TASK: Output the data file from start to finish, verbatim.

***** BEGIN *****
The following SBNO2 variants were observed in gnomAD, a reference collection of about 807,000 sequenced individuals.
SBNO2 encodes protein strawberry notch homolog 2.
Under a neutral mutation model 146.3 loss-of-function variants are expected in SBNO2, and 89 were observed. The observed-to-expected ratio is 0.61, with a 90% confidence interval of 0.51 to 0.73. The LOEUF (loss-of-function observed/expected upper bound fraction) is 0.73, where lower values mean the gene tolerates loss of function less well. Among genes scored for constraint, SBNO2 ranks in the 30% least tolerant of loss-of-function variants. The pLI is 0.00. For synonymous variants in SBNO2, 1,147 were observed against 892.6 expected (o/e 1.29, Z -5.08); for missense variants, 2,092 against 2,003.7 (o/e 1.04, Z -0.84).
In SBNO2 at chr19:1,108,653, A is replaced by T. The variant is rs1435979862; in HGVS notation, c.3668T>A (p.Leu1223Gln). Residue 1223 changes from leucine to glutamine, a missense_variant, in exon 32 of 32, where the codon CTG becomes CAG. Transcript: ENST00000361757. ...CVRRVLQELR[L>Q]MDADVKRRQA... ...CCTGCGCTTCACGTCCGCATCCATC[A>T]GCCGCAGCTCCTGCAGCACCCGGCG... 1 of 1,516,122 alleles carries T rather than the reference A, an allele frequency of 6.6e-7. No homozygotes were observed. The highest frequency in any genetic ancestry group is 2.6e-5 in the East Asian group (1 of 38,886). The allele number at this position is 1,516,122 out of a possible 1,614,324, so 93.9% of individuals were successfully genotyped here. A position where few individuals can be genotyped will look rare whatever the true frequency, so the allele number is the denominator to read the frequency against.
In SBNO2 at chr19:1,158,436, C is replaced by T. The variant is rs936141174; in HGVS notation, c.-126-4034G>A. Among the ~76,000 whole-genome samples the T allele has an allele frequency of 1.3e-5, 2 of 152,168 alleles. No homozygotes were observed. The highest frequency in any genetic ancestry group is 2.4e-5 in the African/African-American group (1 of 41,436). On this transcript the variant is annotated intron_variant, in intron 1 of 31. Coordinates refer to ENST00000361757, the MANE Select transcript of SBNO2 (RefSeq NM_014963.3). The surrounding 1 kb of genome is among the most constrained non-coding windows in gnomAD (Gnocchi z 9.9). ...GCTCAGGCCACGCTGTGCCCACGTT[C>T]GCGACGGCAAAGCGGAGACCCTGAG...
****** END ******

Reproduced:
The following SBNO2 variants were observed in gnomAD, a reference collection of about 807,000 sequenced individuals.
SBNO2 encodes protein strawberry notch homolog 2.
Under a neutral mutation model 146.3 loss-of-function variants are expected in SBNO2, and 89 were observed. The observed-to-expected ratio is 0.61, with a 90% confidence interval of 0.51 to 0.73. The LOEUF (loss-of-function observed/expected upper bound fraction) is 0.73, where lower values mean the gene tolerates loss of function less well. Among genes scored for constraint, SBNO2 ranks in the 30% least tolerant of loss-of-function variants. The pLI is 0.00. For synonymous variants in SBNO2, 1,147 were observed against 892.6 expected (o/e 1.29, Z -5.08); for missense variants, 2,092 against 2,003.7 (o/e 1.04, Z -0.84).
In SBNO2 at chr19:1,108,653, A is replaced by T. The variant is rs1435979862; in HGVS notation, c.3668T>A (p.Leu1223Gln). Residue 1223 changes from leucine to glutamine, a missense_variant, in exon 32 of 32, where the codon CTG becomes CAG. Transcript: ENST00000361757. ...CVRRVLQELR[L>Q]MDADVKRRQA... ...CCTGCGCTTCACGTCCGCATCCATC[A>T]GCCGCAGCTCCTGCAGCACCCGGCG... 1 of 1,516,122 alleles carries T rather than the reference A, an allele frequency of 6.6e-7. No homozygotes were observed. The highest frequency in any genetic ancestry group is 2.6e-5 in the East Asian group (1 of 38,886). The allele number at this position is 1,516,122 out of a possible 1,614,324, so 93.9% of individuals were successfully genotyped here. A position where few individuals can be genotyped will look rare whatever the true frequency, so the allele number is the denominator to read the frequency against.
In SBNO2 at chr19:1,158,436, C is replaced by T. The variant is rs936141174; in HGVS notation, c.-126-4034G>A. Among the ~76,000 whole-genome samples the T allele has an allele frequency of 1.3e-5, 2 of 152,168 alleles. No homozygotes were observed. The highest frequency in any genetic ancestry group is 2.4e-5 in the African/African-American group (1 of 41,436). On this transcript the variant is annotated intron_variant, in intron 1 of 31. Coordinates refer to ENST00000361757, the MANE Select transcript of SBNO2 (RefSeq NM_014963.3). The surrounding 1 kb of genome is among the most constrained non-coding windows in gnomAD (Gnocchi z 9.9). ...GCTCAGGCCACGCTGTGCCCACGTT[C>T]GCGACGGCAAAGCGGAGACCCTGAG...